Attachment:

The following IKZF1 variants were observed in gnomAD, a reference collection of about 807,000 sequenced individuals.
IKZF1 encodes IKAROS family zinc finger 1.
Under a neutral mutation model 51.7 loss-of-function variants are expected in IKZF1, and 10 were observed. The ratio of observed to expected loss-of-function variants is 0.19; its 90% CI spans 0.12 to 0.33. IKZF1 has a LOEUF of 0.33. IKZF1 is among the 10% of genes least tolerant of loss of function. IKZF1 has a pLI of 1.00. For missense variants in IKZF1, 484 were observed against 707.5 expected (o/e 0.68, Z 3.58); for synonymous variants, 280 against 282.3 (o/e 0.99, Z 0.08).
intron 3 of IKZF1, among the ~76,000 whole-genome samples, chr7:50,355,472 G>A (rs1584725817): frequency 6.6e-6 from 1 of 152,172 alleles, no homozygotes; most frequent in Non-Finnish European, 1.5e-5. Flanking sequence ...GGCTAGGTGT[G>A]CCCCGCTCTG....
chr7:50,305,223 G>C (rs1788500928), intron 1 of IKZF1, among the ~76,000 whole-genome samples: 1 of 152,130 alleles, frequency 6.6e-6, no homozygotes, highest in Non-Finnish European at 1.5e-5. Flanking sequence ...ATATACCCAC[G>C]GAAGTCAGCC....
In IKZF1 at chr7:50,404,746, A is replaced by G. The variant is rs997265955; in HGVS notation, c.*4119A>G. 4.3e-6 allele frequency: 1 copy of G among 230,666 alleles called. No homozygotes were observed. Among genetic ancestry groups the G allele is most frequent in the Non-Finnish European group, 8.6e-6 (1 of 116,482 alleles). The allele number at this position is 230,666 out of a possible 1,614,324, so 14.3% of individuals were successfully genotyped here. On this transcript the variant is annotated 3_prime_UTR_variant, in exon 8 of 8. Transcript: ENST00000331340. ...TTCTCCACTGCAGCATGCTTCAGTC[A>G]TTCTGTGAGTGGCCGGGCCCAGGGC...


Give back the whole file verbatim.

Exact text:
The following IKZF1 variants were observed in gnomAD, a reference collection of about 807,000 sequenced individuals.
IKZF1 encodes IKAROS family zinc finger 1.
Under a neutral mutation model 51.7 loss-of-function variants are expected in IKZF1, and 10 were observed. The ratio of observed to expected loss-of-function variants is 0.19; its 90% CI spans 0.12 to 0.33. IKZF1 has a LOEUF of 0.33. IKZF1 is among the 10% of genes least tolerant of loss of function. IKZF1 has a pLI of 1.00. For missense variants in IKZF1, 484 were observed against 707.5 expected (o/e 0.68, Z 3.58); for synonymous variants, 280 against 282.3 (o/e 0.99, Z 0.08).
intron 3 of IKZF1, among the ~76,000 whole-genome samples, chr7:50,355,472 G>A (rs1584725817): frequency 6.6e-6 from 1 of 152,172 alleles, no homozygotes; most frequent in Non-Finnish European, 1.5e-5. Flanking sequence ...GGCTAGGTGT[G>A]CCCCGCTCTG....
chr7:50,305,223 G>C (rs1788500928), intron 1 of IKZF1, among the ~76,000 whole-genome samples: 1 of 152,130 alleles, frequency 6.6e-6, no homozygotes, highest in Non-Finnish European at 1.5e-5. Flanking sequence ...ATATACCCAC[G>C]GAAGTCAGCC....
In IKZF1 at chr7:50,404,746, A is replaced by G. The variant is rs997265955; in HGVS notation, c.*4119A>G. 4.3e-6 allele frequency: 1 copy of G among 230,666 alleles called. No homozygotes were observed. Among genetic ancestry groups the G allele is most frequent in the Non-Finnish European group, 8.6e-6 (1 of 116,482 alleles). The allele number at this position is 230,666 out of a possible 1,614,324, so 14.3% of individuals were successfully genotyped here. On this transcript the variant is annotated 3_prime_UTR_variant, in exon 8 of 8. Transcript: ENST00000331340. ...TTCTCCACTGCAGCATGCTTCAGTC[A>G]TTCTGTGAGTGGCCGGGCCCAGGGC...